The Endovascular Center
In 2016, Vascular Specialists opened the area’s first physician-led outpatient angiography suite. The Endovascular Center is an office-based facility next to the physicians’ primary clinic at Hattiesburg Clinic’s main campus. The center, which offers patients a more private and convenient setting for minimally invasive procedures, provides catheter-based services. The facility includes four preoperative and recovery bays, a procedure room with the latest in catheter-based diagnostic and treatment procedures, and a specialized staff with years of clinical experience.

Diseases Treated by Vascular Specialists
Diseases in which the physicians specialize include peripheral arterial and venous diseases, aortic aneurysm, carotid stenosis, venous reflux disease, and visceral artery and renal artery stenoses. Each has its own unique issues.

Peripheral arterial disease (P.A.D.) is a disease in which plaque builds up in the arteries that carry blood to the head, organs, and limbs. Plaque contains cholesterol, fat, fibrous tissue, calcium, and other substances in the blood, which can harden and narrow the arteries over time. This limits the flow of oxygen-rich blood to the head, organs, and limbs. If left untreated, it can lead to loss of limbs and potentially death.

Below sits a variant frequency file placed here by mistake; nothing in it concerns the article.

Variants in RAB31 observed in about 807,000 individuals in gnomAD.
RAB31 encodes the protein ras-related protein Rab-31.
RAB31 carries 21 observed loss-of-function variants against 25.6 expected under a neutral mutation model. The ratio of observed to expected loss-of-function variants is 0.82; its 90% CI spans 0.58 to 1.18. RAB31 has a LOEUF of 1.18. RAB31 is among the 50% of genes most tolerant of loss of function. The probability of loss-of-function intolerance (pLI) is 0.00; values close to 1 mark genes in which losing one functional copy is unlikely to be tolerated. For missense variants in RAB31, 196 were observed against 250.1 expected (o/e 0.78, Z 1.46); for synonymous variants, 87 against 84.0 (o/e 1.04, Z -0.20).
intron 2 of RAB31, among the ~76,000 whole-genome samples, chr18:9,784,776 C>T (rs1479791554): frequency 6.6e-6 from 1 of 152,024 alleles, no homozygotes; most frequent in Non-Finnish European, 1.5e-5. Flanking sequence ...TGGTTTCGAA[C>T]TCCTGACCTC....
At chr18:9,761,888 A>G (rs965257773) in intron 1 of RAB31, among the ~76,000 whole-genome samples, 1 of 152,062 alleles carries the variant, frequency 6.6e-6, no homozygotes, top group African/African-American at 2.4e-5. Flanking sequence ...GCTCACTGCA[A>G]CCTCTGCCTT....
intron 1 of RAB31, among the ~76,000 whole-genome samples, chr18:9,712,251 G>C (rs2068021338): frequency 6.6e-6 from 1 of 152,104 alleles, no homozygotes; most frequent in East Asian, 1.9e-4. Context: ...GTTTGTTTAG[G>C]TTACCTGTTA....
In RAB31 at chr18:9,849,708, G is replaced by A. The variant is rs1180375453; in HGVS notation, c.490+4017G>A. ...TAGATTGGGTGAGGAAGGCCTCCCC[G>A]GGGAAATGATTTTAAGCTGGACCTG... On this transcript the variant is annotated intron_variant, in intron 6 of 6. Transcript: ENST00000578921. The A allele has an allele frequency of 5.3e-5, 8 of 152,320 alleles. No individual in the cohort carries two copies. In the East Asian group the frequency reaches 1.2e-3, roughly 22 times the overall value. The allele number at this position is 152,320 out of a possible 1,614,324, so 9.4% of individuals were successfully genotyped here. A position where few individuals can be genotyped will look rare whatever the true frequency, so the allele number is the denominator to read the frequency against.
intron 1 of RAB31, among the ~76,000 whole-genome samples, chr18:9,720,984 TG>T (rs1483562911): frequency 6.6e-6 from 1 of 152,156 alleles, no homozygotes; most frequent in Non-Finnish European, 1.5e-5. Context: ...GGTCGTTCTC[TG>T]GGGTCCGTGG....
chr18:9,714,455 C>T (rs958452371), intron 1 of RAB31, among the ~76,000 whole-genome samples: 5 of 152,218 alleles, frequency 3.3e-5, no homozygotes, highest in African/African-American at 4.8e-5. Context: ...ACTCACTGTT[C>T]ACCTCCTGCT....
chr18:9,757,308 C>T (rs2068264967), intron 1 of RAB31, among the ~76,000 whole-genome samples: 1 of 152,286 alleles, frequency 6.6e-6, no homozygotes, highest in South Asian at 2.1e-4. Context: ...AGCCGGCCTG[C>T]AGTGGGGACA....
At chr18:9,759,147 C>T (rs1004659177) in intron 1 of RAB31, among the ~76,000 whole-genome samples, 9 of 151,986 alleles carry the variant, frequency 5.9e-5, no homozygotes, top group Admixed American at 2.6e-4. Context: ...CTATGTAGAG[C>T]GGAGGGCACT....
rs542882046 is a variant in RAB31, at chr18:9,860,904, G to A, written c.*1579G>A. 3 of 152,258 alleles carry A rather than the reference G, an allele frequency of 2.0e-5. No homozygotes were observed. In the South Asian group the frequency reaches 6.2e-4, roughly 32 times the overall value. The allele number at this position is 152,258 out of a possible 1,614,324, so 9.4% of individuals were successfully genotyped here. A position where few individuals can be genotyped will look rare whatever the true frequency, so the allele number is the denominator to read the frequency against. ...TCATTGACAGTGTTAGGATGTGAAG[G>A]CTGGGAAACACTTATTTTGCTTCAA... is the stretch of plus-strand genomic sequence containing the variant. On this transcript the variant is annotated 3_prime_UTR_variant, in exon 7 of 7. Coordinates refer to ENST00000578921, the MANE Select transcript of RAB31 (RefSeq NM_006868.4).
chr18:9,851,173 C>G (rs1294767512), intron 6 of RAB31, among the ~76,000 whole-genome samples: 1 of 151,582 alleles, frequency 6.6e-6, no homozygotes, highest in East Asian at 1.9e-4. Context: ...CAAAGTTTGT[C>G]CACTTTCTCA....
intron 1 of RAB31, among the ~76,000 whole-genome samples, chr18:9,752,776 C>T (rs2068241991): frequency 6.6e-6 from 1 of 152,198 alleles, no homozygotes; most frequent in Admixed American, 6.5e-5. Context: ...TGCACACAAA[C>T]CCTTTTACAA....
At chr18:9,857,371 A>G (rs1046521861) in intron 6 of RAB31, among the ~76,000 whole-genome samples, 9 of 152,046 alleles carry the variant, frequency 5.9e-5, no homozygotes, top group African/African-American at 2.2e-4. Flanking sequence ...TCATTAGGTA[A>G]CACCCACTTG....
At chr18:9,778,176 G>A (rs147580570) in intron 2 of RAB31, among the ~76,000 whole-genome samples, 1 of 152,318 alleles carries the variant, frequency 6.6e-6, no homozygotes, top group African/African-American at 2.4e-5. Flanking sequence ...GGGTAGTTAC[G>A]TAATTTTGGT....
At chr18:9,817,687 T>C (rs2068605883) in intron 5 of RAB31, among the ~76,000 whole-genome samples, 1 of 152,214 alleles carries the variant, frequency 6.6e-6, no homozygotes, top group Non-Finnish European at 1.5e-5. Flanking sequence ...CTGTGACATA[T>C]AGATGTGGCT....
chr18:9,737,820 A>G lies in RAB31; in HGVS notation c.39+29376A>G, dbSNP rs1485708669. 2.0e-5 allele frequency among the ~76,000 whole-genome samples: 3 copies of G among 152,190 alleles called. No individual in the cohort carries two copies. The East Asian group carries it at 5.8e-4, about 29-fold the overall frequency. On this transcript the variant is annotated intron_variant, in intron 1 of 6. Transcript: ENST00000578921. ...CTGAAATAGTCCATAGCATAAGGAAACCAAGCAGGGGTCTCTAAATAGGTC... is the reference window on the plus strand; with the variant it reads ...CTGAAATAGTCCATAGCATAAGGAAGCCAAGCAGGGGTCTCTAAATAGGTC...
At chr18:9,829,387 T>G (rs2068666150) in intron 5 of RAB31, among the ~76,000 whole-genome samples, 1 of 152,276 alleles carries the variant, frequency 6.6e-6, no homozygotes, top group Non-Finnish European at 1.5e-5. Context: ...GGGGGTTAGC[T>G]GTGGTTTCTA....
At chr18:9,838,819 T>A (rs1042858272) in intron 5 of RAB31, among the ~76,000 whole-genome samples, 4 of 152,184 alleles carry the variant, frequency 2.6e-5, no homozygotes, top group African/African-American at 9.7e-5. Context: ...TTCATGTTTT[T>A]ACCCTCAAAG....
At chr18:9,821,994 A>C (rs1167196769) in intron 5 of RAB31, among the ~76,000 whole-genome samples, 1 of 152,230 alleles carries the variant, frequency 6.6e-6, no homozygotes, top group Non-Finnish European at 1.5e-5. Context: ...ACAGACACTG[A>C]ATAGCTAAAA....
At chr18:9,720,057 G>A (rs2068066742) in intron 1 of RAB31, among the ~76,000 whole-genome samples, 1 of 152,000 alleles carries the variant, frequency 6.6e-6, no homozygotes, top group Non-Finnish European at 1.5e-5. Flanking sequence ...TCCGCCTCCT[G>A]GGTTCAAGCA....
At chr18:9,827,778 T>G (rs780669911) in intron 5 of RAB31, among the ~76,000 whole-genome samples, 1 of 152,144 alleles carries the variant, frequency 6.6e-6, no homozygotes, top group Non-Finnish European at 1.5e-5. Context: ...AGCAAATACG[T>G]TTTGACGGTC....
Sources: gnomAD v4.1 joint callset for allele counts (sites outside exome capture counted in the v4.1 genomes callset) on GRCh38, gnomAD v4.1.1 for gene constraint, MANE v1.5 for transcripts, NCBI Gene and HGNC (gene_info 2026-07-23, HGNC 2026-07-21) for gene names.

Managing P.A.D. requires a comprehensive approach to the patient with emphasis on cardiovascular risk factor modification, along with therapies directed at the treatment of limb symptoms. Because P.A.D. is so prevalent, Vascular Specialists established Limb Preservation, a center that seeks to reduce the effects of peripheral arterial disease. In conjunction with Forrest General Hospital, community education initiatives such as Dare to C.A.R.E. presentations, lectures, and screenings on the challenges of vascular disease are provided quarterly.

Carotid artery disease (C.A.D.), also called carotid stenosis, is when the carotid arteries — the two large blood vessels in the neck that supply blood to the brain — become narrow as a result of plaque buildup. According to the Centers for Disease Control and Prevention (CDC), more than 795,000 people suffer a stroke each year in the United States and more than half of all strokes in the U.S. are caused by C.A.D.

Venous disease occurs when the internal walls of veins in the leg deteriorate and the small valves that prevent backflow become defective. This results in the blood flowing in reverse towards the foot, known as reflux. As a consequence, deep veins must carry more blood toward the heart, and the veins must expand. At this point, blood is no longer pumped effectively through the lower leg.